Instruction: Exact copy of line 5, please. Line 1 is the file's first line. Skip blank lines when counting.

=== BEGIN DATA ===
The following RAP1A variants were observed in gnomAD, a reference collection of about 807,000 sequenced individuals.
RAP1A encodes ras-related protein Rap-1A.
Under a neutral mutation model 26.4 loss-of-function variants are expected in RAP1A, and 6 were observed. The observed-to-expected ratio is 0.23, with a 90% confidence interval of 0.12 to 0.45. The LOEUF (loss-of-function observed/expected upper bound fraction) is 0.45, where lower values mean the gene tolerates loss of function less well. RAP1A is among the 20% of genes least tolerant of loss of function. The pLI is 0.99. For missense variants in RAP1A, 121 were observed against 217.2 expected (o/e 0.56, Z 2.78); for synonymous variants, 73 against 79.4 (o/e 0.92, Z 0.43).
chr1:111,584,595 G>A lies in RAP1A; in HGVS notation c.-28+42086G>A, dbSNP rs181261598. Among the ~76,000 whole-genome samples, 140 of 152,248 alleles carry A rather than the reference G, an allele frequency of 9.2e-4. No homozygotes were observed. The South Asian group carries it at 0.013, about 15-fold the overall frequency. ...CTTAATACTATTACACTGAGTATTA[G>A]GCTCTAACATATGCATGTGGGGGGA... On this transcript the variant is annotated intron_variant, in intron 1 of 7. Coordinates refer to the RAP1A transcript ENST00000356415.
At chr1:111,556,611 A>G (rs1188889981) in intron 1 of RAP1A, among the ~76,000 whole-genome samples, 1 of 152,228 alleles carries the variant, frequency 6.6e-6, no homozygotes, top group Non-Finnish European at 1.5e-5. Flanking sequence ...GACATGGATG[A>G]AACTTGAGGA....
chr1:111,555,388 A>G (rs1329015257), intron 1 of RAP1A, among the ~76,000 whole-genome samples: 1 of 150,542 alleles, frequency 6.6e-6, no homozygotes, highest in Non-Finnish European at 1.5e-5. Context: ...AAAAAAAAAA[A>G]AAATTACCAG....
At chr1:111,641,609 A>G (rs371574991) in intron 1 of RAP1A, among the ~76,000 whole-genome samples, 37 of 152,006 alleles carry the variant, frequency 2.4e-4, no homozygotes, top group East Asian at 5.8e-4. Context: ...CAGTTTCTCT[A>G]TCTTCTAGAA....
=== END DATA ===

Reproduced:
At chr1:111,556,611 A>G (rs1188889981) in intron 1 of RAP1A, among the ~76,000 whole-genome samples, 1 of 152,228 alleles carries the variant, frequency 6.6e-6, no homozygotes, top group Non-Finnish European at 1.5e-5. Flanking sequence ...GACATGGATG[A>G]AACTTGAGGA....